finish. It might also have a clear different shades of bronze when assembled as a single
protective film applied, or have item. There is also the possibility of slight variation from
been chemically sealed. batch to batch. Manufacturers try to minimise this, but
an exact match is not usually possible. Bronze anodised
covers a variety of shades.)

Black-coloured finishes
Gold Anodised
Aluminium which has been Black iron (reproduction Tudor-
anodised to a specified depth, with style door furniture)
a satin or polished finish. The gold Usually mild steel which has been
colouring is introduced either formed or occasionally cast and
during or after the anodising then epoxy-powder coated to
process, and is no deeper than the provide a dull black durable finish.
anodic film. (Note: the anodising Some imported furniture might be
process will give a slightly different finish depending on painted black. The paint finish is
the method of manufacture used to form the item. The less durable, as it is more easily damaged and removed.
introduction of colour can exaggerate the differences. There are no set standards for finishing black iron, so
Stamped, extruded and cast components might look specifiers should check before deciding to ensure that the
different shades of gold when assembled as a single finish offered is acceptable for the application intended.
item. There is also the possibility of slight variation from
batch to batch. Manufacturers try to minimise this, but Black japanned
an exact match is not usually possible. Gold anodised Originally a shiny oil-based black
covers shades from a light champagne to deep gold.) lacquer finish, baked onto bare
metal to give a durable finish less
prone to cracking and peeling than
ordinary paint. In recent times the
term has been applied to several
shiny black paint or powder coat
finishes, some of which might not be so durable. The term
is best viewed as descriptive of an appearance rather than
a process. Specifiers should check to ensure that the 4
finish offered is suitable for the application intended.
DHF PROFILE
The Door and Hardware Federation (DHF) was created by a The DHF and its members have consistently risen to the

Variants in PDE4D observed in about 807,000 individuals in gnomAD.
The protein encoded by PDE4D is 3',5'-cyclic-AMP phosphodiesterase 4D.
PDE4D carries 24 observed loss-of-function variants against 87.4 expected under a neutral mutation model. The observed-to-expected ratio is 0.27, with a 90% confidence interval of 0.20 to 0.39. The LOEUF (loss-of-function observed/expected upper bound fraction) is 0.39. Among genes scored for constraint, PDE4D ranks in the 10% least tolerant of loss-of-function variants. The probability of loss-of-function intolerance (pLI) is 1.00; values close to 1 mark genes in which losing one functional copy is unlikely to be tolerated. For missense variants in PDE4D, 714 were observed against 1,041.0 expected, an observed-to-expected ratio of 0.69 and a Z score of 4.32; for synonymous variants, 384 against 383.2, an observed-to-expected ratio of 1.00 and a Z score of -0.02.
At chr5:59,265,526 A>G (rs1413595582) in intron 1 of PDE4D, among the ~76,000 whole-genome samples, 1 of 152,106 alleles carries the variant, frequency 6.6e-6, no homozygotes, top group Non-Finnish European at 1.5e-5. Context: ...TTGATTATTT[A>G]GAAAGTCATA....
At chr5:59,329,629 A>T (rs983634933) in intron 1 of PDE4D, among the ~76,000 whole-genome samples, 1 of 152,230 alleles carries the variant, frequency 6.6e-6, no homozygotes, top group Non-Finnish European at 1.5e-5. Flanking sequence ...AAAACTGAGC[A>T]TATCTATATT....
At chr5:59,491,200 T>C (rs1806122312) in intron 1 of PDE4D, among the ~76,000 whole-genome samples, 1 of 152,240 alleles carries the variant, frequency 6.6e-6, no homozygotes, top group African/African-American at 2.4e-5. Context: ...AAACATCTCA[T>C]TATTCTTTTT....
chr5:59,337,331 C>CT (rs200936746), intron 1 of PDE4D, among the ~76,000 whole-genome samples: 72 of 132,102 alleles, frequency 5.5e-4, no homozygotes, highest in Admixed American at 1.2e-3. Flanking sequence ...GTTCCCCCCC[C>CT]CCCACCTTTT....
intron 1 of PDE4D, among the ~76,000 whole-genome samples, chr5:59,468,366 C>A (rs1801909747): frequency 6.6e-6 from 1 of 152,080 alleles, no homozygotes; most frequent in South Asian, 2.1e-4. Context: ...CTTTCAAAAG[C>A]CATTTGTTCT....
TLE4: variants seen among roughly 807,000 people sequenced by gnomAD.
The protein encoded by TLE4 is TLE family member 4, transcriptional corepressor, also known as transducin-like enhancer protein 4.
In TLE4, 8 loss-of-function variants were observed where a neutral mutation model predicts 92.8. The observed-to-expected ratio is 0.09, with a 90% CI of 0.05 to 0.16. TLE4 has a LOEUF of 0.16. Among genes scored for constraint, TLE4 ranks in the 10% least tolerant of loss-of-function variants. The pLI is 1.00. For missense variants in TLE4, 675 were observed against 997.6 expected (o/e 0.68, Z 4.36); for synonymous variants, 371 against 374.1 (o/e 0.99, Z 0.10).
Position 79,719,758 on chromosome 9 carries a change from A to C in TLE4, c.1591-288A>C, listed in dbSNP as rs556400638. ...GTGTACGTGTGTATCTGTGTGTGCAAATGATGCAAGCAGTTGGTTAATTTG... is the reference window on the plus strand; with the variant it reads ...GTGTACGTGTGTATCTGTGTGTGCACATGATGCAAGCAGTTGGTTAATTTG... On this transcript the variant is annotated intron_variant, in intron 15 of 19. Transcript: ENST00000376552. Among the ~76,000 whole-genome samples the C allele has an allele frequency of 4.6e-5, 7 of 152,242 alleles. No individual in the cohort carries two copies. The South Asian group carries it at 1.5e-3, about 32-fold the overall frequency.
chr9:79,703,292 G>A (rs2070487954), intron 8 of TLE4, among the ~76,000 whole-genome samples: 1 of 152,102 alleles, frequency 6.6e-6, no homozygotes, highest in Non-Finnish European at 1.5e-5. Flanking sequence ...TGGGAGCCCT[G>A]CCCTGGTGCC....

merger between the Association of Building Hardware challenges posed by an ever-changing market, creating
Manufacturers (ABHM) and the Door and Shutter products which meet the needs of a changing world and
Manufacturers Association (DSMA), both of which have developing performance standards alongside national and
established excellent reputations in their respective industries, international organisations, such as BSI and CEN, which enable
particularly in the area of technical expertise and the the industry to select and compare products with confidence.
development of performance standards in national and
international arenas. The federation now represents the interests of manufacturers
and installers of industrial, pedestrian and garage doors as well
The DHF aims to build on these reputations by exploiting the as manufacturers of locks and building hardware. It provides
synergies that exist between the two associations and professionals in all sectors of the building industry with a single
combining their technical and financial resources to provide a source for technical expertise and creates a more powerful and
unified, authoritative voice for the entire industry. representative lobbying force, with the ultimate aim of assuring
progress and maintaining standards throughout the industry.

Guild of Architectural Ironmongers Master Locksmiths Association


Founded in 1961, the Guild represents 95% of bona fide distributors The MLA is recognised by the Home Office, Police and The British
within the UK and the majority of manufacturers of architectural Standards Institution as being the authoritative body for
ironmongery. The Guild serves to further all aspects of architectural locksmithing. It was formed to promote the membership to Central
ironmongery by promoting the interchange of information to and Local Governments, Industry, Commerce and the Public.
encourage better product design and high professional standards of
ironmongery scheduling and specification.

42 Heath Street
Tamworth
Staffs B79 7JH
Tel: Tamworth (01827) 52337
Fax: Tamworth (01827) 310827
DHF e-mail: info@dhfonline.org.uk
Web site: www.dhfonline.org.uk

Information in this guide is correct at time of publication and intended for guidance only. Information may since have changed and readers should consult the appropriate standards
and authorities to confirm its veracity. PS6876/pdf/0809